2. Mr P is 32 year old man with very severe lower back pain radiating to the big toe which is 30 percent numb. He had an episode three weeks ago, took anti-inflammatories and was soon better as is typical of the medial disc herniation. But before it healed, after a trivia it came roaring back, much worse. The characteristic crossed sign was evident; sitting in a chair, straightening the right leg provoked severe left back pain and tingling in the leg. He is doing well.

3. Severe lower back pain is scary; just ask Mrs P. Just watching her get out of the car I she was in trouble; she had a slipped disc at L4 making her lean towards the opposite side; luckily she had no pain in the leg. Despite family pressure that this was far too severe for a chiropractor, she persevered. Within five days she was standing upright, and after two weeks almost pain-free. 

Despite a hectic job, she wisely took my advice and stayed home for what I call exercising bed rest.

4. Mr S has had lower back, groin and back of thigh and calf pain for fourth months.

He has a pincer deformity in the hip causing the stabs in the groin, and a degenerative facet causing the sciatica. Both are responding well to chiropractic and he is well pleased; sixty-five percent better after three treatments.

5. Mr T is a wise man; he has taken a warning TIA seriously and has lost 15 pounds, and has at least as much again to lose. A change to a low starch diet and half hour daily stroll has made the difference; but the walking is making his foot and back miserable. The expensive orthotic is hopeless; luckily his hips and back are fine, but he needs a simple heel lift; he has a short leg.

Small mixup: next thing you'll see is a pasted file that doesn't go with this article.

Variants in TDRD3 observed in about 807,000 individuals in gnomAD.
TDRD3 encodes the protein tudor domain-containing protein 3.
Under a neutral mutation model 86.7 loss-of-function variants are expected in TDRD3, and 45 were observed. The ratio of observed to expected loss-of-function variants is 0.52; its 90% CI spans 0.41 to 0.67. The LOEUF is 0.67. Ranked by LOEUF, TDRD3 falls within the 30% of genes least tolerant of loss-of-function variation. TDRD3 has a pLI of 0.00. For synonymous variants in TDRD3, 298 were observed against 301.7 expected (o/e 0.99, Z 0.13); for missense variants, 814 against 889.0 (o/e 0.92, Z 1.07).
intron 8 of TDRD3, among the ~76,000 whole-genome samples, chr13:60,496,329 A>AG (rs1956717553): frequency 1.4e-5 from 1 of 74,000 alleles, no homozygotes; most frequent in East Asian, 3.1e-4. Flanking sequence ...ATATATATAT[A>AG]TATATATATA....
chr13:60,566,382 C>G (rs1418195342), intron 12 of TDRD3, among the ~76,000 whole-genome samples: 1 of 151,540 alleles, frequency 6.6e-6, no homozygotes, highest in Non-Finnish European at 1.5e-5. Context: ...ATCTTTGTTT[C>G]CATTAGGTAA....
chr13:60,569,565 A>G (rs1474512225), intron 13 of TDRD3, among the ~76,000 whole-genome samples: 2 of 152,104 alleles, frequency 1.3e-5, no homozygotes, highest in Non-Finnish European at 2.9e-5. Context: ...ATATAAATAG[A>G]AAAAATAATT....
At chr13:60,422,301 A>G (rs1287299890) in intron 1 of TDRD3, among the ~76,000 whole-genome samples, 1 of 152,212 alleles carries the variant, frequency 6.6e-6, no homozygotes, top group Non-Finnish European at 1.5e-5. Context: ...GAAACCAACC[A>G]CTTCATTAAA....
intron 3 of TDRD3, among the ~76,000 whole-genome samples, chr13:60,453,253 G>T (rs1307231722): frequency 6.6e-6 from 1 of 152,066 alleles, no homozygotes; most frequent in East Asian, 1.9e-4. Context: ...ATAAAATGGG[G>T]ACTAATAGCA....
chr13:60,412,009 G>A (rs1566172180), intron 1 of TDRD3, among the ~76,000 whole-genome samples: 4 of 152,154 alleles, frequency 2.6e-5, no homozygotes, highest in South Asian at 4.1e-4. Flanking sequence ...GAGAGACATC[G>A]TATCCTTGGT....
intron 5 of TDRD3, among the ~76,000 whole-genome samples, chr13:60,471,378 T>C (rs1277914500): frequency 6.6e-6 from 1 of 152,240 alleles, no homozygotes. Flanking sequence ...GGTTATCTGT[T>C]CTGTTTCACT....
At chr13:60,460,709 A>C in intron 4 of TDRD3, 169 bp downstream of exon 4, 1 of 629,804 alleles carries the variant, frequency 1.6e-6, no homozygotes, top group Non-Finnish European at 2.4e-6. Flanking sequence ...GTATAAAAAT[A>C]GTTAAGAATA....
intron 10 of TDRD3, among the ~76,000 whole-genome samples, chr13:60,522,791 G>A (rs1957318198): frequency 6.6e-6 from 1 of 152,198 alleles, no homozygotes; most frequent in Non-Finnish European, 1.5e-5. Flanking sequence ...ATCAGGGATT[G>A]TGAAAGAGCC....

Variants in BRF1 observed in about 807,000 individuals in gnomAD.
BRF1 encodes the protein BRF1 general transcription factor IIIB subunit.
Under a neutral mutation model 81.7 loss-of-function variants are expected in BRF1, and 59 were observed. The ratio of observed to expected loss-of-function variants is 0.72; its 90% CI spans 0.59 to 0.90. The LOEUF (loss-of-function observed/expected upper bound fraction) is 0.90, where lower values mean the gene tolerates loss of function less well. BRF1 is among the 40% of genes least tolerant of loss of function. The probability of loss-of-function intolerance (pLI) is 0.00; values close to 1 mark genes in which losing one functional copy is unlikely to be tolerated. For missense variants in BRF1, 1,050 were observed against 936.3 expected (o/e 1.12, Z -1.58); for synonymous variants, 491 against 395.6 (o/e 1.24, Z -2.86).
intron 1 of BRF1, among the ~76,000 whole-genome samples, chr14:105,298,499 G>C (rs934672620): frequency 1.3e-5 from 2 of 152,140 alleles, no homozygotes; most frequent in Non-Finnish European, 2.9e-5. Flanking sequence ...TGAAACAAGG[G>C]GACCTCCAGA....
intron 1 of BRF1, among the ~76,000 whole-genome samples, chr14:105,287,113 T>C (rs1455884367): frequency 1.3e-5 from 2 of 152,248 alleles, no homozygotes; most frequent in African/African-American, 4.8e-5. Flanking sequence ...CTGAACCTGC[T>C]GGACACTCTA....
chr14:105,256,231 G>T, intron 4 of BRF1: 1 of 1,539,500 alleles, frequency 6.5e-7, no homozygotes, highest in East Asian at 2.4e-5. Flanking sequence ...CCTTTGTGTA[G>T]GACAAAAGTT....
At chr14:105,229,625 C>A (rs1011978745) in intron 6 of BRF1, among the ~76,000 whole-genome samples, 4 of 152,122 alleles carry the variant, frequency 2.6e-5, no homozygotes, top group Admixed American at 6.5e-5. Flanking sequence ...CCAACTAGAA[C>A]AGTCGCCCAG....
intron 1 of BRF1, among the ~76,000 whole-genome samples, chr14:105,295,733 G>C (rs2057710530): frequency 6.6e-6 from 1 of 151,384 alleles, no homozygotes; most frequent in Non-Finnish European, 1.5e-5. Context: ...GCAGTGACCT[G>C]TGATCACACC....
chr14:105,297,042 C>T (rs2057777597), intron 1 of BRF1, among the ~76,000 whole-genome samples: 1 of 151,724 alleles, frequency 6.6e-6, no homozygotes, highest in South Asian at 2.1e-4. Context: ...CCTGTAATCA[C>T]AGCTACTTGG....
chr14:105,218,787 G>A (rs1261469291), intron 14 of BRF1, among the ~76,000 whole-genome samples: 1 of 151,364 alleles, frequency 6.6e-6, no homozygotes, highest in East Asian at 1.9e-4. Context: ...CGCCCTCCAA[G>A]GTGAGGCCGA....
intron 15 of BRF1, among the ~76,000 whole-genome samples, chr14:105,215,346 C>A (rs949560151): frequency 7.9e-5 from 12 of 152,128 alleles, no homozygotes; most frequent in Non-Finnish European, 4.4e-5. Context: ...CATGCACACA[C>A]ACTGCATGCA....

6. I too have had serious lower back issues, luckily fixed by my own chiropractor; so I too have to do my exercises, take care when lifting supers full of honey, gardening and using the chainsaw. Regaining the function of your spine is just as important as the pain.

7. My own granddaughter, only 7 is hypermobile giving her pelvic, knee and ankle issues. X-rays show a mildly dysplastic hip. Years ago we would have called it growing pains. She too regularly needs chiropractic care and luckily responds well. Increased range of motion is more difficult than too stiff in my opinion. Our care is for kids too.

8. This 65-year old lady is a serious gardener; every day she is bending, lifting and digging for 2 to 3 hours a day. It regularly catches her in the sacroiliac joint, so she has a treatment once a month that sorts it out. She does her lower back exercises faithfully.

9. This 88-year old lady is an inspiration; every day she is busy in the community. With a nasty scoliosis she manages very well with a chiropractic adjustment every six weeks and exercises faithfully done. 

10. Mr X is a 71-year old retired man who wants to continue with maintenance care every six to eight weeks; he had suffered from two years of lower back pain when he first came a few months ago. He has no discomfort now after 8 chiropractic treatments, but is aware that danger lurks.

11. Mrs C has been having severe headaches, and taking a lot of analgesics. It is a non-complicated upper cervical facet syndrome, and she is doing well.

12. Mr D is a 38-year old year man with chronic shoulder pain after a rotator cuff tear playing cricket. It responded well to treatment, but he knows he must do his exercises every day; for two years he could not sleep on that shoulder.

13. Mr D, a 71-year old man, has a severe ache in the shoulder and midback since working above his head. Trapped nerve tests are negative but he has advanced degenerative joints of Luschka; after just two treatments he is 50 percent better. Can we reach 90?

And so the day goes; chiropractors should not be treating the elderly most medical sites state but that is so much bunkum.